Difference Between Functions and Methods in Scala

Posted on November 5, 2016 by Marcin Kossakowski
Tags: scala

Scala has a concept of functions and method definitions. These two concepts are often confused and it’s not always clear when to use which.

Consider this example.

Simple method:

Simple function:

Both m1 and f1 are called the same way and will produce the same result but when you look closer you will see that these are two different things.

Calling f1 without argument will give us the signature of anonymous function. Our anonymous functions is actually an instance of Function1[Int, Int] that means a function with 1 parameter of type Int and return value of type Int.

When calling m1 we will get an error. This is because m1 is not a value, it is a method, something that will produce a value when you call it by providing all required arguments.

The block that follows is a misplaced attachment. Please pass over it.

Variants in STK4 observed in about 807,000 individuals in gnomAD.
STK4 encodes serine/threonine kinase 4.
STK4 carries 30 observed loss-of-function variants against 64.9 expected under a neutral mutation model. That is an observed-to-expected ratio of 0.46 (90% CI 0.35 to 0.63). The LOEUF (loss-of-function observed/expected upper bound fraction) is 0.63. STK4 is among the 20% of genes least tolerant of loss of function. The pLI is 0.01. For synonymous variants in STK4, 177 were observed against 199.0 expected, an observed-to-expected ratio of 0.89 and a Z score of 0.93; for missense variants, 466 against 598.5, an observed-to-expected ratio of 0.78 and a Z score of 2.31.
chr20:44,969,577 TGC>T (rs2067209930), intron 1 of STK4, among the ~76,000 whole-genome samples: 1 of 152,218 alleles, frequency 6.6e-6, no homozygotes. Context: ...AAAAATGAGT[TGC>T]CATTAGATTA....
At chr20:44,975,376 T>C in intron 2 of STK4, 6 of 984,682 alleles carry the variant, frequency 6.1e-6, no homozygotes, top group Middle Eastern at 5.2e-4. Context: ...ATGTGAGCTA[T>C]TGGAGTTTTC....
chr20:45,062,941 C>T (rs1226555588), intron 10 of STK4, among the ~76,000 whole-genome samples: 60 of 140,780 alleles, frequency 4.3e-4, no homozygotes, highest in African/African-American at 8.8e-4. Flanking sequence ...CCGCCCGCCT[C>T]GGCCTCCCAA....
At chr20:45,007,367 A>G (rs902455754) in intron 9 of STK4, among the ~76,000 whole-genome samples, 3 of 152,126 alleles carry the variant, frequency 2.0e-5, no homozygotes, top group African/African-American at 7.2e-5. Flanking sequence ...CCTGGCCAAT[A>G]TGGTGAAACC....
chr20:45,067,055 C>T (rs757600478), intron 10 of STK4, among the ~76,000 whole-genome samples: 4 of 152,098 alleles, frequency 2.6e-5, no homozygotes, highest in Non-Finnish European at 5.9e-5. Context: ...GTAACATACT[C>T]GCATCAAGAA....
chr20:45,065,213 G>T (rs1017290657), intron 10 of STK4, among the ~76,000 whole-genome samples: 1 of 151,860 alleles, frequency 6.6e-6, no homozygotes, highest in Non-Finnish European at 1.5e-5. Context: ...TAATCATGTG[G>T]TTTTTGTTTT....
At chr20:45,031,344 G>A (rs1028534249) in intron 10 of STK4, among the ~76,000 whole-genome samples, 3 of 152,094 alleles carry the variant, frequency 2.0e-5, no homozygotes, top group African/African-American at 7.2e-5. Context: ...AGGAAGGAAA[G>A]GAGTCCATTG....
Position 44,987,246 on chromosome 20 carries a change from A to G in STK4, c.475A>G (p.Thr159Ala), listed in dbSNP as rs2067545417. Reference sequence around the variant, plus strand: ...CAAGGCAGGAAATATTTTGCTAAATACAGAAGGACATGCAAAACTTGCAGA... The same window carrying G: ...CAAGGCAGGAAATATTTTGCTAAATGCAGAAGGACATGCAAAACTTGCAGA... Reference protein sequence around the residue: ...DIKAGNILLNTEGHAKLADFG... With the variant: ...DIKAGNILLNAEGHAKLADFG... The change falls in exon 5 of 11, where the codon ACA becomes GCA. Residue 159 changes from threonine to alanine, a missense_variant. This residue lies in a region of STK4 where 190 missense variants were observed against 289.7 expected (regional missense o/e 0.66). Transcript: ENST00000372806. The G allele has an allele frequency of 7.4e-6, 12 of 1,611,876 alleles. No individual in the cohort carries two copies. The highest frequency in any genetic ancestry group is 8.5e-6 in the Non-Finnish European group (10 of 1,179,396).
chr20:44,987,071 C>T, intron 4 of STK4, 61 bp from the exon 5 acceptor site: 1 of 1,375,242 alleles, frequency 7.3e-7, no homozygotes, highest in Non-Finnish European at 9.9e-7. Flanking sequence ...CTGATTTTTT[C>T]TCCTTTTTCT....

Converting method into a function

Method can be converted into a proper function (often referred to as lifting) by calling method with underscore "_" after method name.

Alternatively you can supply a type and compiler will know what to do.

Above method to function conversions will always create a new instance of Function1[Int, Int] which is an important observation.

Let’s consider following example. We are creating a sequence of tuples with type (Int, Int => Int). For each tuple we decided to convert our previously defined method into a function. The following will create 10 instances of a function that does the same thing.

Better approach would be to pass the same instance of the function for each tuple and avoid allocating memory for each instance as in previous approach.

When to use methods and when functions

  • use functions if you need to pass them around as parameters
  • use functions if you want to act on their instances, e.g. f1.compose(f2)(2)
  • use methods if you want to use default values for parameters e.g. def m1(age: Int = 2) = ...
  • use methods if you just need to compute and return